By Mariana Almeida Marques
Payment services is a heavily regulated industry, which comes as no surprise considering the increasingly higher risk levels of fraud and cybercrime and the threats this poses to both companies consumers. Not only that, but there is also a much higher volume of transactions globally, as more individuals are preferring to make purchases and payments digitally.
PSD2, or Payment Services Directive, is an European directive for electronic payment services. It came into effect in 2018, as an amendment to the original PSD, created in 2007, and it plays a crucial role in regulating payment services and payment providers both in the EU and EEA. This directive regulates both Payment Initiation Services (PIS) and Account Information Services (AIS).
Whilst the PIS facilitates the online payment transaction by accessing the customer account and initiating the payment process, AIS is an online service that compiles information of a customer’s bank accounts, providing customers with an overview of their finances and allowing them to share these details with other financial providers.
PSD2 mandates stronger security for online transactions reinforced through multiple tools, such as a multi-factor authentication (MFA) that often includes biometric factors like face, voice or fingerprints to ensure that the payment is indeed initiated by the account owner and not somebody else. It also requires banks to share their customers’ bank account information with third-party banking services, providing that customers give their consent.
The regulations imposed by PSD2 are quite clear, but its consequences aren’t as straightforward. Generally, this directive has a large impact on both Payment Service Providers (PSP) and customers, particularly when it comes to added security and collaboration between financial institutions.
PSD2 aims to strengthen customer rights, regulating the information collected and shared by banking services, as well as keeping transparency at the core of all services provided. The ultimate goal of this measure is to homogenise payment services as a whole, by enforcing the same regulations to each and every financial institution in the EU and EEA.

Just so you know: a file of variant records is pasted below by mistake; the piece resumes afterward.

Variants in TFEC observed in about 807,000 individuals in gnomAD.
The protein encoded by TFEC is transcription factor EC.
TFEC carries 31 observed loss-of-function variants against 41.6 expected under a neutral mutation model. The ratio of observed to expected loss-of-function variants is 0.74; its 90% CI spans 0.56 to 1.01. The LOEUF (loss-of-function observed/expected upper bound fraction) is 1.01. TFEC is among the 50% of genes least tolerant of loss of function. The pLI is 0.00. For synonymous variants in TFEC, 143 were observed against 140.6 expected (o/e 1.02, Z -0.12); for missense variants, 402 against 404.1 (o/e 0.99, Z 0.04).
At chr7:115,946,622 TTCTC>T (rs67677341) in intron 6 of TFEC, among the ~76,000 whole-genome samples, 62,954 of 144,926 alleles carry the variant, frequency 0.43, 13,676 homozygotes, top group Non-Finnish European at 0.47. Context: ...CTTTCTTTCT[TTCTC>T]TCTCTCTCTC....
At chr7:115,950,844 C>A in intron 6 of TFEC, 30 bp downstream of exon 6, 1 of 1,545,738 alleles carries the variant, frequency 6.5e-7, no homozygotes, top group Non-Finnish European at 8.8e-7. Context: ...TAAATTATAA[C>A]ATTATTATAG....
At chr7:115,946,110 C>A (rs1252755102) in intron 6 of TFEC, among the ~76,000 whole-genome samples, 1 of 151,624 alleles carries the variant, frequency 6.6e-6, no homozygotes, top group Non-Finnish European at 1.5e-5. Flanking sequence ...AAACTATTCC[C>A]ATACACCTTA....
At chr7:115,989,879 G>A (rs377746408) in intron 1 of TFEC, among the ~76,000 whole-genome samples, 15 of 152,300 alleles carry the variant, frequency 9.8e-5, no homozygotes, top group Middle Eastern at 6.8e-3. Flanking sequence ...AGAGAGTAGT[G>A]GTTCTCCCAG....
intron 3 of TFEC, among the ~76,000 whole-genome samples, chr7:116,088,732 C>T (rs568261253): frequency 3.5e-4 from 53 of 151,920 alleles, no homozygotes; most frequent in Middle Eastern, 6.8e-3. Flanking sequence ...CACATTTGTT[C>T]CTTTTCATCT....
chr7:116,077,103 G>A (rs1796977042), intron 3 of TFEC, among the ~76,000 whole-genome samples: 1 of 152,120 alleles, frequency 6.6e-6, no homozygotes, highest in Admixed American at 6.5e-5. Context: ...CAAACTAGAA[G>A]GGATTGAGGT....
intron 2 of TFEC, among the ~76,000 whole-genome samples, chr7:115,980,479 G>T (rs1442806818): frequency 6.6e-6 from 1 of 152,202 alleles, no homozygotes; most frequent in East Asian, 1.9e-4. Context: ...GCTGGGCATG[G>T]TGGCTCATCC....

When it comes to sharing customers’ information with third-party banking services, it is understandable to see some initial reticence from big financial institutions, particularly those that have been around long before the technology advancements we are currently experiencing. This rule to share data is indeed a challenge imposed to traditional banks that are used to work towards a monopoly of customer data, making it more difficult for banks to become a one-stop-shop and to own all parts of the payment process.
PSD2’s goal, aside from building stronger online security in payment transactions, is also to boost innovation within the industry. This only reinforces an existing trend that is being adopted by more and more institutions: partnerships between big banks and smaller financial enterprises. Both are incredibly different and despite the competitive environment of the industry, there is proof that this type of collaboration is beneficial to everyone, including the customers. One of the many examples is the partnership between the automated lending platform Kabbage, and ING, an Amsterdam-based banking services corporation, which allowed ING to expand its business lending into France and Italy and more efficiently serve its existing customers.